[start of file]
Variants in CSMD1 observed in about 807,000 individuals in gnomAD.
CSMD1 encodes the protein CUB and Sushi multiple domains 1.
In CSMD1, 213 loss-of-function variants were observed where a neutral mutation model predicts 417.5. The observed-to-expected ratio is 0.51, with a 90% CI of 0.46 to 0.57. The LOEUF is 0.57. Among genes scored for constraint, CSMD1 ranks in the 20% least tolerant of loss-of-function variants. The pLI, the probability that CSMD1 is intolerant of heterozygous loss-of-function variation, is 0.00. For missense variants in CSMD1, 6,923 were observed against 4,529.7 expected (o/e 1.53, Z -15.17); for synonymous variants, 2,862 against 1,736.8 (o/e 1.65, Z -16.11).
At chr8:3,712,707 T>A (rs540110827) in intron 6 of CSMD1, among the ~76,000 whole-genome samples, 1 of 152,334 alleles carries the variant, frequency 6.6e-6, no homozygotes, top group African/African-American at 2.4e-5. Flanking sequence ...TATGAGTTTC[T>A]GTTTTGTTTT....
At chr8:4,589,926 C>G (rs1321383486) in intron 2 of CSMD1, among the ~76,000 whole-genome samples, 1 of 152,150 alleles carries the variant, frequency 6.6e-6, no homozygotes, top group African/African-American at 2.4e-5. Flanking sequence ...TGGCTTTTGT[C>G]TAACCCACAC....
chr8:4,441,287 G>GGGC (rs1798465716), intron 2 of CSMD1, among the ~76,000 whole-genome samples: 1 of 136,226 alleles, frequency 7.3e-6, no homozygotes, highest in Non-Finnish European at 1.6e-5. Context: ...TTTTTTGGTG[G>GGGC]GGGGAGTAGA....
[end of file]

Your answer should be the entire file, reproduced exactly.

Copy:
Variants in CSMD1 observed in about 807,000 individuals in gnomAD.
CSMD1 encodes the protein CUB and Sushi multiple domains 1.
In CSMD1, 213 loss-of-function variants were observed where a neutral mutation model predicts 417.5. The observed-to-expected ratio is 0.51, with a 90% CI of 0.46 to 0.57. The LOEUF is 0.57. Among genes scored for constraint, CSMD1 ranks in the 20% least tolerant of loss-of-function variants. The pLI, the probability that CSMD1 is intolerant of heterozygous loss-of-function variation, is 0.00. For missense variants in CSMD1, 6,923 were observed against 4,529.7 expected (o/e 1.53, Z -15.17); for synonymous variants, 2,862 against 1,736.8 (o/e 1.65, Z -16.11).
At chr8:3,712,707 T>A (rs540110827) in intron 6 of CSMD1, among the ~76,000 whole-genome samples, 1 of 152,334 alleles carries the variant, frequency 6.6e-6, no homozygotes, top group African/African-American at 2.4e-5. Flanking sequence ...TATGAGTTTC[T>A]GTTTTGTTTT....
At chr8:4,589,926 C>G (rs1321383486) in intron 2 of CSMD1, among the ~76,000 whole-genome samples, 1 of 152,150 alleles carries the variant, frequency 6.6e-6, no homozygotes, top group African/African-American at 2.4e-5. Flanking sequence ...TGGCTTTTGT[C>G]TAACCCACAC....
chr8:4,441,287 G>GGGC (rs1798465716), intron 2 of CSMD1, among the ~76,000 whole-genome samples: 1 of 136,226 alleles, frequency 7.3e-6, no homozygotes, highest in Non-Finnish European at 1.6e-5. Context: ...TTTTTTGGTG[G>GGGC]GGGGAGTAGA....